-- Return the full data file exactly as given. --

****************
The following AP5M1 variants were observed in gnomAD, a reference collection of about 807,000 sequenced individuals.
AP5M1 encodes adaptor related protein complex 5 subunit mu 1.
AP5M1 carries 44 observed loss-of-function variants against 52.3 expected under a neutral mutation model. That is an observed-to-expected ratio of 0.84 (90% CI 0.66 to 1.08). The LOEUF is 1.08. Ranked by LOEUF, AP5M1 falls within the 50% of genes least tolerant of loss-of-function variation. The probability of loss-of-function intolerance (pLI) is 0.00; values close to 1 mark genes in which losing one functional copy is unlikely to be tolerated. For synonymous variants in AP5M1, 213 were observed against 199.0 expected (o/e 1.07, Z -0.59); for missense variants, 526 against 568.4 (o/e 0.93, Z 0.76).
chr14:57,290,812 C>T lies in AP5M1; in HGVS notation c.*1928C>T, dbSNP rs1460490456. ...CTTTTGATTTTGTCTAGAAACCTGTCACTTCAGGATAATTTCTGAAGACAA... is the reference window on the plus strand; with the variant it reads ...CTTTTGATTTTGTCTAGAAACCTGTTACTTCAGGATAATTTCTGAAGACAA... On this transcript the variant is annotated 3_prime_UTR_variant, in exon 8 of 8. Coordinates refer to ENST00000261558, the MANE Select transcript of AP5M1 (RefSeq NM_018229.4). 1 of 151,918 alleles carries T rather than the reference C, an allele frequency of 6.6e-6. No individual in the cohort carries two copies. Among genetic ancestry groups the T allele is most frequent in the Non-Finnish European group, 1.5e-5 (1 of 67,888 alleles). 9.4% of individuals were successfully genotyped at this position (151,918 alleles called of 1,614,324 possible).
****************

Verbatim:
The following AP5M1 variants were observed in gnomAD, a reference collection of about 807,000 sequenced individuals.
AP5M1 encodes adaptor related protein complex 5 subunit mu 1.
AP5M1 carries 44 observed loss-of-function variants against 52.3 expected under a neutral mutation model. That is an observed-to-expected ratio of 0.84 (90% CI 0.66 to 1.08). The LOEUF is 1.08. Ranked by LOEUF, AP5M1 falls within the 50% of genes least tolerant of loss-of-function variation. The probability of loss-of-function intolerance (pLI) is 0.00; values close to 1 mark genes in which losing one functional copy is unlikely to be tolerated. For synonymous variants in AP5M1, 213 were observed against 199.0 expected (o/e 1.07, Z -0.59); for missense variants, 526 against 568.4 (o/e 0.93, Z 0.76).
chr14:57,290,812 C>T lies in AP5M1; in HGVS notation c.*1928C>T, dbSNP rs1460490456. ...CTTTTGATTTTGTCTAGAAACCTGTCACTTCAGGATAATTTCTGAAGACAA... is the reference window on the plus strand; with the variant it reads ...CTTTTGATTTTGTCTAGAAACCTGTTACTTCAGGATAATTTCTGAAGACAA... On this transcript the variant is annotated 3_prime_UTR_variant, in exon 8 of 8. Coordinates refer to ENST00000261558, the MANE Select transcript of AP5M1 (RefSeq NM_018229.4). 1 of 151,918 alleles carries T rather than the reference C, an allele frequency of 6.6e-6. No individual in the cohort carries two copies. Among genetic ancestry groups the T allele is most frequent in the Non-Finnish European group, 1.5e-5 (1 of 67,888 alleles). 9.4% of individuals were successfully genotyped at this position (151,918 alleles called of 1,614,324 possible).